UK’s smart me­ter rev­o­lu­tion at risk of be­ing short-cir­cuited

The en­ergy in­dus­try is strug­gling to meet in­stal­la­tion tar­gets af­ter sev­eral glitches, writes Adam Vaughan

The Observer - - Business -

One of Bri­tain’s big­gest na­tional in­fra­struc­ture projects in decades is com­ing off the rails, ac­cord­ing to a wel­ter of crit­i­cism from politi­cians, con­sumer groups and me­dia out­lets.

The tar­get of the carp­ing is not the HS2 rail­way project or Heathrow run­way ex­pan­sion, but the gov­ern­ment’s re­quire­ment for en­ergy sup­pli­ers to of­fer all homes and busi­nesses a smart me­ter by the end of 2020.

The me­ters au­to­mate readings, en­cour­age sav­ing by show­ing con­sump­tion in pounds and pence, and should put an end to billing prob­lems.

In­dus­try and gov­ern­ment both ar­gue that they are vi­tal for help­ing the UK’s elec­tric­ity grid cope with an in­creas­ing but vari­able amount of wind and so­lar power.

They could also re­duce the need for costly up­grades to power grids, aid in­te­gra­tion of elec­tric cars into the en­ergy sys­tem and open up a host of in­no­va­tive tar­iffs where en­ergy costs vary based on time of use.

In short, they are seen as a es­sen­tial foun­da­tion for much of the UK’s en­ergy fu­ture.

But this sum­mer saw calls for their roll­out to be halted be­cause of prob­lems oc­cur­ring af­ter cus­tomers switch. A down­beat re­port by the Bri­tish In­fra­struc­ture Group – a parliamentary body run by the for­mer Tory party chair­man Grant Shapps – topped the news bul­letins.

Sep­a­rately, sta­tis­tics re­leased in Au­gust showed that the roll­out has lost mo­men­tum at ex­actly the time it should be speed­ing up. About 1.25 mil­lion smart me­ters were fit­ted in the sec­ond quar­ter of 2018, up just 1% on the pre­vi­ous quar­ter.

In­stal­la­tions have only just passed the 13 mil­lion mark – a long way from the 53 mil­lion there would be if ev­ery house­hold and busi­ness had one.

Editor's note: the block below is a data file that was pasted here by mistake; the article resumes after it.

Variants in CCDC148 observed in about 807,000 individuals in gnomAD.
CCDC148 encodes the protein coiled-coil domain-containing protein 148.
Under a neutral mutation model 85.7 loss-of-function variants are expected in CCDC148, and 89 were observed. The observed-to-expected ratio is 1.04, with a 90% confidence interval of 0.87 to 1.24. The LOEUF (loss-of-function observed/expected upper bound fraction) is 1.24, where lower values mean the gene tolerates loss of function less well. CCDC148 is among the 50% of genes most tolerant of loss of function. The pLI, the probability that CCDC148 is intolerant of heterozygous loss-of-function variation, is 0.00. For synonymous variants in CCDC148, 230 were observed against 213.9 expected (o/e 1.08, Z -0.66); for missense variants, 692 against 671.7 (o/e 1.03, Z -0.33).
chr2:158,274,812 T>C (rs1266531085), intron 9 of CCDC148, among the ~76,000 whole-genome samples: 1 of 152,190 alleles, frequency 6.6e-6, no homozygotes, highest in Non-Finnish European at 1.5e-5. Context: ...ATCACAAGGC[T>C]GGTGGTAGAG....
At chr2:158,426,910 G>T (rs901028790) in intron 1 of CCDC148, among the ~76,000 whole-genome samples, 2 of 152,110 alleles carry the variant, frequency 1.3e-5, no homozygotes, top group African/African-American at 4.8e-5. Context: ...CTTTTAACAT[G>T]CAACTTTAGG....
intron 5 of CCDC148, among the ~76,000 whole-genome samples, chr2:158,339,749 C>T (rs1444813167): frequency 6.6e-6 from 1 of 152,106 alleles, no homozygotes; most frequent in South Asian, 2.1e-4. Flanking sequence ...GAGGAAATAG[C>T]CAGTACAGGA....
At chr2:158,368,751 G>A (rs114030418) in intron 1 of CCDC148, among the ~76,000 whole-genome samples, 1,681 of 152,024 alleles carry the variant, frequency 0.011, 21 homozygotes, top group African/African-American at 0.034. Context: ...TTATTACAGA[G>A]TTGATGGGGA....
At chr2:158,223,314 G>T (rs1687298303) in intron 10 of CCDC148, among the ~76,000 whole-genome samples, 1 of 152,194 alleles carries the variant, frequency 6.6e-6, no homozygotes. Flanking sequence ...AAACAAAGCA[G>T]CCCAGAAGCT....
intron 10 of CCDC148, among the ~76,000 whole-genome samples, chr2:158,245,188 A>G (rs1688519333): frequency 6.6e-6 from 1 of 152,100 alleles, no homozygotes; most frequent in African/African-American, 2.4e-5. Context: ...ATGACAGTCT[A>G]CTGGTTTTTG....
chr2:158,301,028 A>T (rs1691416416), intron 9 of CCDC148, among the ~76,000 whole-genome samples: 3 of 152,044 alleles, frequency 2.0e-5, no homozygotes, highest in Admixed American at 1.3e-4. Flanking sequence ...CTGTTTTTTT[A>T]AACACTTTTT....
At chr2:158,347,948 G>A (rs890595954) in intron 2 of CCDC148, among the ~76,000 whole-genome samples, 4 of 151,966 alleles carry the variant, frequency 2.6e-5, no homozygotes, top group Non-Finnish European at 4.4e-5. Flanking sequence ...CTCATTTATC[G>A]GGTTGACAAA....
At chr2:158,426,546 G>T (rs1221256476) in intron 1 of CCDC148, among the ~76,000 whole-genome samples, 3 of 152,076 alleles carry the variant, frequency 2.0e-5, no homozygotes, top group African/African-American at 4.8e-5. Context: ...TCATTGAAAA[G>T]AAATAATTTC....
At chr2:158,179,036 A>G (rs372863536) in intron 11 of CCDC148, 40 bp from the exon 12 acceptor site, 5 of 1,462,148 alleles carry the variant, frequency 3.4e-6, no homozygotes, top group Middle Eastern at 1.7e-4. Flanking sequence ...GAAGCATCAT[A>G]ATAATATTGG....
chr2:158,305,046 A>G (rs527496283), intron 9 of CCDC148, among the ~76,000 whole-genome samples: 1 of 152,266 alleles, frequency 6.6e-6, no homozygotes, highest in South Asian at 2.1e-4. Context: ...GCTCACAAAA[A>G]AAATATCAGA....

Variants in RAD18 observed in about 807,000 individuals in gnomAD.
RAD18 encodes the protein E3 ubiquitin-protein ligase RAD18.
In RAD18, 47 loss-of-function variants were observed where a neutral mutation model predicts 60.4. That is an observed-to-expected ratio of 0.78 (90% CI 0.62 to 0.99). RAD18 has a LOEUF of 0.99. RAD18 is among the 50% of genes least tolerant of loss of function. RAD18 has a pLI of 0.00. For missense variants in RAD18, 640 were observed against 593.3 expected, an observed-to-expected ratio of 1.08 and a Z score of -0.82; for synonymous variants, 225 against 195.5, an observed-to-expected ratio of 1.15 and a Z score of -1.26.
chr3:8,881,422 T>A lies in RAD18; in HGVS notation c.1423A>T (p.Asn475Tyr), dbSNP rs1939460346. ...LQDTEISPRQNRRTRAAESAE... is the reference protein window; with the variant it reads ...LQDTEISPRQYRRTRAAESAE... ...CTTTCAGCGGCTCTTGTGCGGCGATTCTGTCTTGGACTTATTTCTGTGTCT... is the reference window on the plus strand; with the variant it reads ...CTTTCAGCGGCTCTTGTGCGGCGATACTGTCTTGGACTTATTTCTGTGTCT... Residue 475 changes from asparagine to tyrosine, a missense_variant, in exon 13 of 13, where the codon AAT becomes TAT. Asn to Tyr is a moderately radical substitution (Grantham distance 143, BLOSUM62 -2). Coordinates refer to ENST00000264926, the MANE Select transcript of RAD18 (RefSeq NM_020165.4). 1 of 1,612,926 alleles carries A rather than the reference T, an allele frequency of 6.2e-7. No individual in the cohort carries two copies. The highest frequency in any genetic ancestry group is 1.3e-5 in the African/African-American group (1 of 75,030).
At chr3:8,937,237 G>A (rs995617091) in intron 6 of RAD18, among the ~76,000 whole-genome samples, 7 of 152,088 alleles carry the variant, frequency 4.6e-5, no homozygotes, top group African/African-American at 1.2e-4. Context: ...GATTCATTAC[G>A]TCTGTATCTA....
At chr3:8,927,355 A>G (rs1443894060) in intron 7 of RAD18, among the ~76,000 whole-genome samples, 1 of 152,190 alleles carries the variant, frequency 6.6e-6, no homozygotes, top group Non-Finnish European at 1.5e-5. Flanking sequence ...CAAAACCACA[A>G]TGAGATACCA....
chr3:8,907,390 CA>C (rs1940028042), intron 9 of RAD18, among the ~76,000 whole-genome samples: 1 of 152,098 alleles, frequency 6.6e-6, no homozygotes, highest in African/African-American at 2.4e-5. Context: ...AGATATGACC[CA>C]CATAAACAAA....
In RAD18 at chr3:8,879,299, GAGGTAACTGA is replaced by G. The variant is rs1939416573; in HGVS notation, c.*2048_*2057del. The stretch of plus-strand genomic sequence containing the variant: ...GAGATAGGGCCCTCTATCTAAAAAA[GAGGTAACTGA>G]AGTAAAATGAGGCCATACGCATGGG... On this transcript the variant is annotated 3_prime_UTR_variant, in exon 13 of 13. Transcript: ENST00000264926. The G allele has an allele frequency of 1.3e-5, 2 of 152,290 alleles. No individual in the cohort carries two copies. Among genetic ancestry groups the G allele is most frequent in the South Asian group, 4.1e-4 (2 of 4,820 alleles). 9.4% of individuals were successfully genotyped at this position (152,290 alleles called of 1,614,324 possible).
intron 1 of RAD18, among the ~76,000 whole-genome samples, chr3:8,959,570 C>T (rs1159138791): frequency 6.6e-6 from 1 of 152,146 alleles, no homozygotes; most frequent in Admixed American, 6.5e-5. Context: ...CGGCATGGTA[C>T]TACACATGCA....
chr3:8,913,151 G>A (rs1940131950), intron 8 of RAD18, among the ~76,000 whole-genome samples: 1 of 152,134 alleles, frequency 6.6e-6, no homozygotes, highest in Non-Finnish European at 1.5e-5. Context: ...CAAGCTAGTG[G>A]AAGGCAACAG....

Em­bar­rass­ingly, about 940,000 have lost their smart func­tion­al­ity af­ter peo­ple switched sup­plier – mean­ing con­sumers once again have to man­u­ally sub­mit readings.

The fig­ures prompted the con­sumer group Cit­i­zens Ad­vice, which re­cently called for the 2020 dead­line to be de­layed to 2023, to de­clare that en­ergy sup­pli­ers would have to work at an “in­creas­ingly un­re­al­is­tic pace” to com­plete the roll­out.

How­ever, ad­vo­cates ar­gue that, far from com­ing off the rails, the project is ac­tu­ally, fi­nally, com­ing of age.

This was meant to be the year that most of the pro­gramme’s prob­lems were fixed by en­ergy sup­pli­ers switch­ing from fit­ting first-gen­er­a­tion me­ters, known as Smets1, to sec­ond-gen­er­a­tion Smets2 units.

Tech­ni­cal prob­lems with the newer ones have meant the gov­ern­ment has had to re­peat­edly push back the cut­off date for in­stalling Smets1 me­ters. How­ever, those prob­lems ap­pear to have fi­nally been solved.

The Ob­server can re­veal there are now more than 30,000 Smets2 me­ters in­stalled in homes and busi­nesses across the coun­try – a rapid ac­cel­er­a­tion from a to­tal of just 1,000 in June. About 1,000 are now be­ing fit­ted each day.

Bri­tish Gas, the UK’s big­gest en­ergy sup­plier, has fit­ted more than 5,000. Smaller sup­pli­ers, which have been wait­ing for Smets2 units, say they are start­ing to in­stall them at pace.

Robert Cheesewright, di­rec­tor of pol­icy and com­mu­ni­ca­tions at Smart En­ergy GB, the body set up to pro­mote smart me­ters, said the ar­rival of Smets2 me­ters in homes was “an im­por­tant mile­stone”.

The pro­gramme should get a fur­ther boost from Novem­ber, when the first-gen­er­a­tion me­ters’ prob­lem of los­ing smart func­tion­al­ity af­ter switch­ing sup­pli­ers starts to be fixed. That will in­volve an over-theair patch to “en­rol” them into a cen­tral body han­dling the me­ter data, which is run by the out­sourc­ing firm Capita.

Still, there is lit­tle doubt among in­dus­try watch­ers that the roll­out re­mains be­hind sched­ule.

Alan White­head, the shadow en­ergy min­is­ter, said: “The car hasn’t ac­tu­ally crashed yet, but all the signs of a big ac­ci­dent are around us.”

White­head said he be­lieved that the 2020 tar­get would be missed but did not want to see the tech­nol­ogy ditched. “We re­ally shouldn’t con­tem­plate a fu­ture where we sim­ply aban­don smart me­ters and con­tinue with old ana­logue me­ters.”

James Heappey, Con­ser­va­tive MP and chair of the all-party parliamentary Clean En­ergy Group, said in­stal­la­tion of the older me­ters should con­tinue in the short term, de­spite their prob­lems, to stop the roll­out from fal­ter­ing.

“I cer­tainly wouldn’t ar­gue in favour of a hia­tus, be­cause then the mo­men­tum is lost,” he said.

A spokesper­son at the De­part­ment for Busi­ness, En­ergy and In­dus­trial Strat­egy said: “More than 400,000 smart me­ters are be­ing in­stalled ev­ery month, help­ing peo­ple to take con­trol of their en­ergy use and save money on their bills.

“Ev­ery­one who wants a smart me­ter will get one by the end of 2020.”

Smart me­ters au­to­mate readings and en­cour­age en­ergy sav­ing by de­tail­ing con­sump­tion.

Newspapers in English

Newspapers from UK

© PressReader. All rights reserved.